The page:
I spend a lot of time looking at other people design work. It’s the nature of my job and something that helps to keep me current with design trends that are emerging. Over the last few months, something I’ve noticed with more frequency is the emergence of minimalist 3D animation paired with pastels that leans almost to abstraction. I have a feeling this is going to become a hot look over the next 18 months and will run the risk like so many other trends of jumping the shark as it gets picked up by every agency and marketing firm in the world. It looks cool now, and I’m really liking it, but that feeling may change if it becomes oversaturated the way the sketchbook look, the retro 80’s look, the ugly design look, the you name it you’ve seen to much of it looks did.
On July 20th, 1969 I was seven and a half years old and I still remember being glued to the TV as the first live broadcast from the lunar surface was beamed back to Earth. The family was downstairs in our family room/office. Walter Cronkite was giving the play by play and then they cut to a grainy picture of Neal Armstrong as he stepped off the ladder and spoke his now famous line. ” That’s one small step for man, one giant leap for mankind”.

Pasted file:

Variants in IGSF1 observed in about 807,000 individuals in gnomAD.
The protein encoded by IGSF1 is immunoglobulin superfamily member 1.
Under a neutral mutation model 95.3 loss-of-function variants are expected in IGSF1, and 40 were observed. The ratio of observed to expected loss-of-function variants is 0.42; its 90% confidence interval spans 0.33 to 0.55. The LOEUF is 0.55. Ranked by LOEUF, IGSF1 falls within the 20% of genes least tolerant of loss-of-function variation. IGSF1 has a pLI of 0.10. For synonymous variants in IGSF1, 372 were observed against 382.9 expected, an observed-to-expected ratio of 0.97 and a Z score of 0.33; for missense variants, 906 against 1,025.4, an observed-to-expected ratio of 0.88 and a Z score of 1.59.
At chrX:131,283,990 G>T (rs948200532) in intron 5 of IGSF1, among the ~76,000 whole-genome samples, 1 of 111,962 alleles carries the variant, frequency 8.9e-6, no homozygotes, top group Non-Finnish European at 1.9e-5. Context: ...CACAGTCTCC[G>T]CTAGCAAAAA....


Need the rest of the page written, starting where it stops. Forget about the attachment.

I have always been a bit of a space nut. I think being born at the beginning of the space race helped solidify that in me. I’ve been fascinated with everything from the space flight itself to the amazing illustrations produced for NASA.
With this year marking the 50th anniversary of the first moon landing, I decided to break down and pick up a copy of the National Aeronautics and Space Administration Graphic Standards Manual. It’s been out for a few years and has been on my short list so I finally decided to pull the trigger and pick it up.
For a designer and self-professed space nerd, this is pure heaven. This is a few hundred pages of the design systems put in place by Richard Danne, Bruce Blackburn, and the staff at Danne & Blackburn in 1974.
This reissue is a modern spin on the original which was a series of bound documents designed to be distributed to internally and externally to coordinate the NASA brand for the world. The reissue book is all about faithfully reproducing what Danne & Blackburn while infusing history and additional details. Details like the anti-static foil sleeve that it arrives in.
The book is an authoritative reference compiled from scans of 35mm slides presented to NASA in 1974, normally shielded from those without clearance.
The manual covers everything from spaceship graphics to brochures, including specific details on how to type a letter using the NASA letterhead.